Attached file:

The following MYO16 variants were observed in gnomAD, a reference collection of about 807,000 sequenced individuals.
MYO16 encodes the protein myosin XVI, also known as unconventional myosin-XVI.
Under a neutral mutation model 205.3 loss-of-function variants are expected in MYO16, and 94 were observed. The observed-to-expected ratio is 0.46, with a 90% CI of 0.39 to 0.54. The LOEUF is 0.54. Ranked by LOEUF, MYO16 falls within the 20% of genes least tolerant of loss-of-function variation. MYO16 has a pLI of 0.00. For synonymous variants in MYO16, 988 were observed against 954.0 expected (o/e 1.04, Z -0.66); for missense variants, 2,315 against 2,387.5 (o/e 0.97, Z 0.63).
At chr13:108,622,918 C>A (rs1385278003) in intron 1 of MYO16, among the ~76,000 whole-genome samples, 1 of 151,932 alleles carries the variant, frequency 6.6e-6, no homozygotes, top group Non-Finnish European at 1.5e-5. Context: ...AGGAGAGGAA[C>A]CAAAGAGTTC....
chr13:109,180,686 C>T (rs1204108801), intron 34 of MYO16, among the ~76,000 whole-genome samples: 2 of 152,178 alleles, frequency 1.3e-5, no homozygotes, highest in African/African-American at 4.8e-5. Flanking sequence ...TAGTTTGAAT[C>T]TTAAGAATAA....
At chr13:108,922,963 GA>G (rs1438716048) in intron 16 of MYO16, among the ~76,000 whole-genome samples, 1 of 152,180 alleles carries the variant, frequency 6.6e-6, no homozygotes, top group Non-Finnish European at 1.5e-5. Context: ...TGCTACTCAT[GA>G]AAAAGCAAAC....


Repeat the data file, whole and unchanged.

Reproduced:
The following MYO16 variants were observed in gnomAD, a reference collection of about 807,000 sequenced individuals.
MYO16 encodes the protein myosin XVI, also known as unconventional myosin-XVI.
Under a neutral mutation model 205.3 loss-of-function variants are expected in MYO16, and 94 were observed. The observed-to-expected ratio is 0.46, with a 90% CI of 0.39 to 0.54. The LOEUF is 0.54. Ranked by LOEUF, MYO16 falls within the 20% of genes least tolerant of loss-of-function variation. MYO16 has a pLI of 0.00. For synonymous variants in MYO16, 988 were observed against 954.0 expected (o/e 1.04, Z -0.66); for missense variants, 2,315 against 2,387.5 (o/e 0.97, Z 0.63).
At chr13:108,622,918 C>A (rs1385278003) in intron 1 of MYO16, among the ~76,000 whole-genome samples, 1 of 151,932 alleles carries the variant, frequency 6.6e-6, no homozygotes, top group Non-Finnish European at 1.5e-5. Context: ...AGGAGAGGAA[C>A]CAAAGAGTTC....
chr13:109,180,686 C>T (rs1204108801), intron 34 of MYO16, among the ~76,000 whole-genome samples: 2 of 152,178 alleles, frequency 1.3e-5, no homozygotes, highest in African/African-American at 4.8e-5. Flanking sequence ...TAGTTTGAAT[C>T]TTAAGAATAA....
At chr13:108,922,963 GA>G (rs1438716048) in intron 16 of MYO16, among the ~76,000 whole-genome samples, 1 of 152,180 alleles carries the variant, frequency 6.6e-6, no homozygotes, top group Non-Finnish European at 1.5e-5. Context: ...TGCTACTCAT[GA>G]AAAAGCAAAC....